To start with, I’m talking to God about it.  It’s the best place to start that I know of.  I asked Him, “What makes the things that matter to me less important than what matters to others?”  “Are my desires less important than those of others?”  He responded me by reminding me that no one is more important than another person.  My wants, needs, etc. are just as valuable as those of other people.  I matter!  I also asked God to help me remember such things when I slip up, which no doubt will happen sometimes.

 

I think it’s also important not to beat yourself up when you slip into old, dysfunctional habits.  I do that very easily simply out of habit, & it’s very unhealthy.  It’s depressing & damaging to self-esteem.  Rather than beating yourself up, why not just accept that you’ll make mistakes.  No one is perfect, & mistakes happen, especially when trying to form a new habit.  Shake it off.  Accept that you made a mistake & try not to repeat that mistake.

 

When you realize you’re improving in this area, celebrate!  Reward yourself for a job well done!  How?  That is up to you.  At the very least, thank God for helping you & tell yourself you did a great job.  Changing old mindsets & habits isn’t easy, so you should be proud of yourself for making the appropriate changes & allowing God to help you to do so!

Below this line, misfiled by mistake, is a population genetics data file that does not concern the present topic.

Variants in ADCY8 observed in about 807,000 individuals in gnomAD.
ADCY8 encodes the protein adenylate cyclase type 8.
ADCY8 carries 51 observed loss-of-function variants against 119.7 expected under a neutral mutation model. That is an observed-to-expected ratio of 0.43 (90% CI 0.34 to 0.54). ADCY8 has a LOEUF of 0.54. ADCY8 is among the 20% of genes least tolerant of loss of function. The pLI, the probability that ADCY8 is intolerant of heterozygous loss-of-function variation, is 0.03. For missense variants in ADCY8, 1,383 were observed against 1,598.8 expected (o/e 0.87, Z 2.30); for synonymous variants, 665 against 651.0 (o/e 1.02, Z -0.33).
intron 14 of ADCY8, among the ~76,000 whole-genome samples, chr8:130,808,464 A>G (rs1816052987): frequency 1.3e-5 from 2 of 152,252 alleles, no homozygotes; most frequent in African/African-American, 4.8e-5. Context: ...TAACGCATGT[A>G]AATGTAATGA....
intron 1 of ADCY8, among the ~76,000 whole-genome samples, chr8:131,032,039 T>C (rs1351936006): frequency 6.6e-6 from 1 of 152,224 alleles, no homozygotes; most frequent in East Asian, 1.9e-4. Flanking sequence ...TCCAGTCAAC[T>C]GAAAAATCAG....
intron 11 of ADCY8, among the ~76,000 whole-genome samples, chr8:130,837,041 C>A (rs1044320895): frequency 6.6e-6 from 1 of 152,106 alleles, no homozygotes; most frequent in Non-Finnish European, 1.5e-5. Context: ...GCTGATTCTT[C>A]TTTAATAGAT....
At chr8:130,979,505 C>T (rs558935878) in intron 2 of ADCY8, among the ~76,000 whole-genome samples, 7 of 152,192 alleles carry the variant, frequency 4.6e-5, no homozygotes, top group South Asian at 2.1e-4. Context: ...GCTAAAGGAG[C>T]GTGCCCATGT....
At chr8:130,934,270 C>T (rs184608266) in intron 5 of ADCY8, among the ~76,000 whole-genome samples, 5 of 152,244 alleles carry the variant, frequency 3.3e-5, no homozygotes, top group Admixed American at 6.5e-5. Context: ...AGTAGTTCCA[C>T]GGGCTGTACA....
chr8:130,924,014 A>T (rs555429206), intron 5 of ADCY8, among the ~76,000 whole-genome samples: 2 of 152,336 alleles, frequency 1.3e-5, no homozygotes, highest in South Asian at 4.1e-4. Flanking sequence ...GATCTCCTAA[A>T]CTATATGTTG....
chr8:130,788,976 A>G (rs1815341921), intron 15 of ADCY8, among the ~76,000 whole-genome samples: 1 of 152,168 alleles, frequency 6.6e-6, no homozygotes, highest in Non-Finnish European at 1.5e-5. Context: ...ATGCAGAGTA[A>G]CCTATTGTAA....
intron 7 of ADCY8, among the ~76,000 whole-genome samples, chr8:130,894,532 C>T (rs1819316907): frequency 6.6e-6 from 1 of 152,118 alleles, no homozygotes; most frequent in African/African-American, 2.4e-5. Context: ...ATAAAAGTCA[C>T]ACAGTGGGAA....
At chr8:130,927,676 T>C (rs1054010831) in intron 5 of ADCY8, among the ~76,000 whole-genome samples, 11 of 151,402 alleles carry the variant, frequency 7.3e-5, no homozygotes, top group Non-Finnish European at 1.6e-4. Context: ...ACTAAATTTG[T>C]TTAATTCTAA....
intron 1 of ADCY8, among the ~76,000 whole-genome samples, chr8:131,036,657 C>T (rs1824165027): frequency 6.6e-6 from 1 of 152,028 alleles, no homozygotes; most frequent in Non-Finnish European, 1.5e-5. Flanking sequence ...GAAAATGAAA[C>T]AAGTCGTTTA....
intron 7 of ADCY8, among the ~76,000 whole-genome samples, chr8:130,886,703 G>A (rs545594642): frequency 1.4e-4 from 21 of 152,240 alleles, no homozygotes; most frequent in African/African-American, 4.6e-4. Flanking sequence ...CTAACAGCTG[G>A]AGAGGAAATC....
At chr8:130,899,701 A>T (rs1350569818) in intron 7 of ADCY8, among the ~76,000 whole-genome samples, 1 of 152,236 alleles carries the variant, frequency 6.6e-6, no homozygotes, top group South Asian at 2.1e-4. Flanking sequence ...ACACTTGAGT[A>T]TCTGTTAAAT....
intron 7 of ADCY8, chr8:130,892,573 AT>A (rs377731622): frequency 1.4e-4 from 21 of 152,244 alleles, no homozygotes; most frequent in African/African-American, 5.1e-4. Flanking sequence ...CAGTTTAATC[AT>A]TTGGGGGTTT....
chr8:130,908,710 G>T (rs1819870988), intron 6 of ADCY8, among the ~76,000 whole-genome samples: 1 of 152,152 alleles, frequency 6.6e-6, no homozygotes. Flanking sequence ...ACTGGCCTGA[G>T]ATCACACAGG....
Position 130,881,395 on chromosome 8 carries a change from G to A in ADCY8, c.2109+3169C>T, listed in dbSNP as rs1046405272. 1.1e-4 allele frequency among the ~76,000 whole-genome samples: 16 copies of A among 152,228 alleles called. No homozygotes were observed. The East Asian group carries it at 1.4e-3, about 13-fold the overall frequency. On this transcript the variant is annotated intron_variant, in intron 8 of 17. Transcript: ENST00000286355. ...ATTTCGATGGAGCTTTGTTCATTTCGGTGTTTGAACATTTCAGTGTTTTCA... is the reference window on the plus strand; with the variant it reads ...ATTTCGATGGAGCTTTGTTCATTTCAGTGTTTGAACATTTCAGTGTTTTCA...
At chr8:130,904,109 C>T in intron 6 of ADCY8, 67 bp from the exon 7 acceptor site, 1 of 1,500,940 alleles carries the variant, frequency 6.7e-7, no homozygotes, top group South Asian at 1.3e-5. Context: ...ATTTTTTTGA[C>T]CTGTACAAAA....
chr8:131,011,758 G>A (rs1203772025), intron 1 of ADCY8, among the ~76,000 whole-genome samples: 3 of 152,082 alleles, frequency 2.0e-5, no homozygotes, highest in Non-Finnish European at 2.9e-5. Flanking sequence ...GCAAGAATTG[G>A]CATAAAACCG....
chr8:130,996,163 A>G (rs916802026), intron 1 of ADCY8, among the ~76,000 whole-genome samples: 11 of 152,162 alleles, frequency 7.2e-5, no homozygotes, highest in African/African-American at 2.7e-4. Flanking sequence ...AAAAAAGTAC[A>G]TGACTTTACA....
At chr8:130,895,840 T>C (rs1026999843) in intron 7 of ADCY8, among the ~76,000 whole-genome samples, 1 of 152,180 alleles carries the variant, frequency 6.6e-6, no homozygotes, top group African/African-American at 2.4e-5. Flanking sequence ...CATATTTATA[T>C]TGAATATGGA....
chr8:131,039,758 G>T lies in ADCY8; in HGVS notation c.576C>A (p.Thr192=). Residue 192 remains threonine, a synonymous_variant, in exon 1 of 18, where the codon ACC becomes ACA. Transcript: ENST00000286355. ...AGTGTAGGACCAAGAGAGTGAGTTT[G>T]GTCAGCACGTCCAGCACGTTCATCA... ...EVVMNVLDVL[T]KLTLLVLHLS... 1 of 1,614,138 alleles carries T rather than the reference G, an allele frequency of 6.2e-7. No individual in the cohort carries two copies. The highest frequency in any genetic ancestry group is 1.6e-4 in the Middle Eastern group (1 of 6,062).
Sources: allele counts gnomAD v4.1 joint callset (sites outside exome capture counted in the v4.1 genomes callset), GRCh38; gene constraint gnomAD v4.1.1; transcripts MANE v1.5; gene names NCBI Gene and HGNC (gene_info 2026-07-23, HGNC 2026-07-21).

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“You’re Too Negative!”

One thing many victims of narcissistic abuse have told me is people have told them they are too negative if they discuss their experiences.   I’ve heard it too.  “You’re too negative.”  “Your problem is you don’t think positive” (I guess thinking positive will fix my C-PTSD.. if it was only that easy!)

 

What people fail to realize is telling the truth about narcissistic abuse isn’t being negative.  It’s telling facts.  It’s telling your story.  It’s raising awareness of this awful epidemic.  It also helps us to heal, discussing things.  (The constant gaslighting/crazy making made us doubt ourselves so much, & talking about things helps us to keep a healthy perspective & remember the narcissist was the real problem.)

 

There is nothing negative or critical or even dishonorable about discussing your experiences with narcissistic abuse!  Don’t let anyone tell you otherwise!  Talk about it as you are comfortable.  Help raise awareness!  Help yourself heal!

 

One important thing to remember though- if you’re seeking validation by discussing your story, you may not get it.  Many people don’t understand narcissistic abuse, nor do they want to.  Even those close to you may invalidate your pain.  You have to accept that not everyone will provide the support & understanding you crave.